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Can I Buy A Property In the Solo 401k with Both Roth and Traditional Funds?
Can I Buy A Property In the Solo 401k with Both Roth and Traditional Funds?
Updated over a week ago

With the Solo 401k by Nabers Group, you automatically have a designated Roth sub-account built right in. There is no need for extra paperwork and your Solo 401k can hold both Roth and Traditional funds. You can bring in Roth funds to your Solo 401k via rollovers (from another Roth 401k plan), new Roth contributions, or by doing an in-plan Roth conversion. 

While your Solo 401k can accommodate both Roth and pre-tax (traditional) 401k funds, it is generally recommended to keep them separate, either by having separate bank accounts or by having separate bookkeeping entries. 

Most investors choose separate bank accounts (for Roth and pre-tax funds) for less to bookkeeping complexity.

We're often asked if it's possible to purchase an investment (such as a rental property) mixing both traditional and Roth funds in one deal.

When it comes to buying an asset, using Traditional and Roth to fund the investment is possible if you keep excellent records of what percentage is Roth and Traditional. 

The percentage of profits, income, and expenses must be congruent with the percentage invested. 

In other words, you cannot move money or profits from Traditional to Roth without doing an official Roth conversion. Likewise, expenses must be evenly divided between Roth and traditional funds.

Think about an investment into an LLC - if you put in 50% of the funds and someone else puts in 50% of the funds you would each earn 50% of the profits and be responsible for 50% of the expenses.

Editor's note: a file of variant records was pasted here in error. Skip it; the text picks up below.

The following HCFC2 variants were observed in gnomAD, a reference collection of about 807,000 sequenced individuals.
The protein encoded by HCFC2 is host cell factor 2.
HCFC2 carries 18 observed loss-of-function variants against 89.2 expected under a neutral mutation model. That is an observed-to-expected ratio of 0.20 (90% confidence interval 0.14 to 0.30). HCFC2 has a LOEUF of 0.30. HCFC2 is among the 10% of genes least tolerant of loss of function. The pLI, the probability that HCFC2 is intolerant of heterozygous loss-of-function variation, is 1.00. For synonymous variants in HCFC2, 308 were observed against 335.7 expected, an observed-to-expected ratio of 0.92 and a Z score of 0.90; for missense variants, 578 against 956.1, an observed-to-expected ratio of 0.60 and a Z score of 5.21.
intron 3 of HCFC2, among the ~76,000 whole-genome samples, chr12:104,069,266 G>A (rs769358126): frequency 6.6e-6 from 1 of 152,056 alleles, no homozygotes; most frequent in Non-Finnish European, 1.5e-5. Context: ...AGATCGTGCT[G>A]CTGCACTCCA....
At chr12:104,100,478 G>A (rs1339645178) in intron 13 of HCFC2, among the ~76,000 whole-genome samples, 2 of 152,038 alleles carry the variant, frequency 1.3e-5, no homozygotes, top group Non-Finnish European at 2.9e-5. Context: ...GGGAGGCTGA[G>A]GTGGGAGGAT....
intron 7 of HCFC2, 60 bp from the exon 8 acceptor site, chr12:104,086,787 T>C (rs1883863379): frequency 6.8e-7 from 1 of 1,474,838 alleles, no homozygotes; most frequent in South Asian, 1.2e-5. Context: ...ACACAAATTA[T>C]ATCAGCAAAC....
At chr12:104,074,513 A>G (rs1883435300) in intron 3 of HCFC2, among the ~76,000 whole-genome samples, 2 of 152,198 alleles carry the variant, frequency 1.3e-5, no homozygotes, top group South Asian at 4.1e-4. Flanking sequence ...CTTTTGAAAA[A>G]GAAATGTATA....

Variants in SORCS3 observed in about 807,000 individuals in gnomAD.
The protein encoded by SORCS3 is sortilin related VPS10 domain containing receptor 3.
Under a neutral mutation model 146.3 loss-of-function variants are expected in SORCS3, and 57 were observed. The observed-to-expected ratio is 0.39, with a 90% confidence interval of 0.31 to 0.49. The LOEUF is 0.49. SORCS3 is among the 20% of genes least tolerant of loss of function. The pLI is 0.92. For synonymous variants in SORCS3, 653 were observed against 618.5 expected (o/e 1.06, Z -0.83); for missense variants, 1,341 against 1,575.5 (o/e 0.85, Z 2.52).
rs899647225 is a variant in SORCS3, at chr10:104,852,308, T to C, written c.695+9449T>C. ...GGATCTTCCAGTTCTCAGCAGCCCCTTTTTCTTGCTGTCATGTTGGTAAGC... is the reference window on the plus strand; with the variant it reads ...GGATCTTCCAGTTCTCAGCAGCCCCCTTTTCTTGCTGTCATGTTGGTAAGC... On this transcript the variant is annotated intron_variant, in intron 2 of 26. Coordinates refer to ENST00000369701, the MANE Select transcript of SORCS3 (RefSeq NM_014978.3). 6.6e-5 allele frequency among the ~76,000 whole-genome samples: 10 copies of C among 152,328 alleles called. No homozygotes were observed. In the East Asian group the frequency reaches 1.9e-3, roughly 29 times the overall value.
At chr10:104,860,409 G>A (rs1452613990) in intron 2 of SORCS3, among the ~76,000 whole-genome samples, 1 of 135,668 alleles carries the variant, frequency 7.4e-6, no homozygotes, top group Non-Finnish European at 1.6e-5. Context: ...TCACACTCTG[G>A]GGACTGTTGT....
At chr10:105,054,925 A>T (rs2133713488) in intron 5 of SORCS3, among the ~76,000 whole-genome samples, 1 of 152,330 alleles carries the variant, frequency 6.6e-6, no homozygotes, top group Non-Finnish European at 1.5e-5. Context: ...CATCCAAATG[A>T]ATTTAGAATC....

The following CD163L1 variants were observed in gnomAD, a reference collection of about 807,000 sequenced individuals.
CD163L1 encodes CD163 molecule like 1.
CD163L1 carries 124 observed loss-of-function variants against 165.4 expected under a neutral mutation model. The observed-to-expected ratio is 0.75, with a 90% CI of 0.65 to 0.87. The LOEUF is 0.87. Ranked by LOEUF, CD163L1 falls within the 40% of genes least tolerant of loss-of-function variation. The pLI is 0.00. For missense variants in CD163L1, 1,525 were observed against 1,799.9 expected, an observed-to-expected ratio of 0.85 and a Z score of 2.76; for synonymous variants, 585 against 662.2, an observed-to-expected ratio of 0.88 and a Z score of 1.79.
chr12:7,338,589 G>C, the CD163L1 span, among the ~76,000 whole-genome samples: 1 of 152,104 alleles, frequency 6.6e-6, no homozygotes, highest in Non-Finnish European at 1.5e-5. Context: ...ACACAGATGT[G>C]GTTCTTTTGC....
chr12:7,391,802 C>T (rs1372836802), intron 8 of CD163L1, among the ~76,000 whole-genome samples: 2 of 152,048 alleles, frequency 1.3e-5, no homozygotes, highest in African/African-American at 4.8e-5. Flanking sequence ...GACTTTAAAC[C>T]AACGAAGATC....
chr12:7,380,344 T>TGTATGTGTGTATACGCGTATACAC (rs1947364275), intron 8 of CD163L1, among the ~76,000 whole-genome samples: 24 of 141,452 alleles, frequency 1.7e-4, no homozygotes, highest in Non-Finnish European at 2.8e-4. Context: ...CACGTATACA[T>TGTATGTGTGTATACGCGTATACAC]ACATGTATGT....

Purchasing an investment in the Solo 401k with both Roth and pre-tax (traditional) funds functions much the same way.

Let's look at an example:

Sally's Solo 401k Trust purchased a rental property for $200,000. Sally used funds from her 401k trust to purchase the property, the property is titled in the name of her 401k trust and the trust tax ID number was used to complete the transaction.

Sally invested 45% Roth funds and 55% traditional funds into the deal. She did not use any leverage to purchase the property, so she put in $90,000 Roth funds to purchase the deal, and $110,000 in pre-tax (traditional) funds.

The monthly rent on the rental property is $2,000 which will yield  $24,000 per year in rents (a 10% ROI).

Each month, $900 would be deposited into the Solo 401k Roth bank account and $1,100 would be deposited into the traditional funds Solo 401k bank account. (See this article on why to have two separate bank accounts for Roth and non-Roth funds in your 401k trust).

Similarly, expenses must be divided according to initial capital contributions.

This is where things can get tricky.

Let's say the roof needs replacing and will cost $14,273.58.

The Roth owed portion is $6,423.11 and $7,850.47 should be paid from traditional funds.

But what if you only have $5,500 in Roth funds to cover the expense?

The calculation of capital ownership (between Roth and pre-tax) doesn't change.  In other words, you can't pay the Roth portion of expenses with traditional (pre-tax) funds because they are two separate tax classifications. 

In this situation you'd have to convert some funds to Roth to pay the expense, which also adds the additional tax burden of completing the Roth conversion just so you can pay the expense with the correct portion of Roth funds.

As you can see, this takes careful planning and meticulous records to ensure you have enough in your coffers of each type of funds (Roth and pre-tax) to cover any expenses that may come up.

In keeping things conservative, most CPAs will recommend pre-tax and Roth funds not be combined in any single investment because of the complicated and often arduous record-keeping needed. 

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